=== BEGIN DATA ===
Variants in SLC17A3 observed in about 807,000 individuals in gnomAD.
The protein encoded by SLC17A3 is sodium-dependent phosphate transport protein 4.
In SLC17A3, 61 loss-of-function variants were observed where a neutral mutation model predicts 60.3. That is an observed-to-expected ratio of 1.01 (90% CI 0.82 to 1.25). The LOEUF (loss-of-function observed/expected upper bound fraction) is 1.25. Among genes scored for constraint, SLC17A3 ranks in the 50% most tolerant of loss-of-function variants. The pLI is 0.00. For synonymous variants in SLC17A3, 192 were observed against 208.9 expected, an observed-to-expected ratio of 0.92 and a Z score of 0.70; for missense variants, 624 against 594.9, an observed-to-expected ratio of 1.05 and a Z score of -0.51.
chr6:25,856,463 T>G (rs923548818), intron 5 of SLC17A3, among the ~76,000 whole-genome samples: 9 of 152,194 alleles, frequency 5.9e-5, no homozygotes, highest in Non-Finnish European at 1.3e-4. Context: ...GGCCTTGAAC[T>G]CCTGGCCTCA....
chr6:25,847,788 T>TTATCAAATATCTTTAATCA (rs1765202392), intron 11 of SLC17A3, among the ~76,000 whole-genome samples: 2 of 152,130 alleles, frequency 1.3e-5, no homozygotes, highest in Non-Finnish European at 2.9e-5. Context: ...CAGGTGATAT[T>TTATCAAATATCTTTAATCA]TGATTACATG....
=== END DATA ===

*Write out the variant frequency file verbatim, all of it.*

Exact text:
Variants in SLC17A3 observed in about 807,000 individuals in gnomAD.
The protein encoded by SLC17A3 is sodium-dependent phosphate transport protein 4.
In SLC17A3, 61 loss-of-function variants were observed where a neutral mutation model predicts 60.3. That is an observed-to-expected ratio of 1.01 (90% CI 0.82 to 1.25). The LOEUF (loss-of-function observed/expected upper bound fraction) is 1.25. Among genes scored for constraint, SLC17A3 ranks in the 50% most tolerant of loss-of-function variants. The pLI is 0.00. For synonymous variants in SLC17A3, 192 were observed against 208.9 expected, an observed-to-expected ratio of 0.92 and a Z score of 0.70; for missense variants, 624 against 594.9, an observed-to-expected ratio of 1.05 and a Z score of -0.51.
chr6:25,856,463 T>G (rs923548818), intron 5 of SLC17A3, among the ~76,000 whole-genome samples: 9 of 152,194 alleles, frequency 5.9e-5, no homozygotes, highest in Non-Finnish European at 1.3e-4. Context: ...GGCCTTGAAC[T>G]CCTGGCCTCA....
chr6:25,847,788 T>TTATCAAATATCTTTAATCA (rs1765202392), intron 11 of SLC17A3, among the ~76,000 whole-genome samples: 2 of 152,130 alleles, frequency 1.3e-5, no homozygotes, highest in Non-Finnish European at 2.9e-5. Context: ...CAGGTGATAT[T>TTATCAAATATCTTTAATCA]TGATTACATG....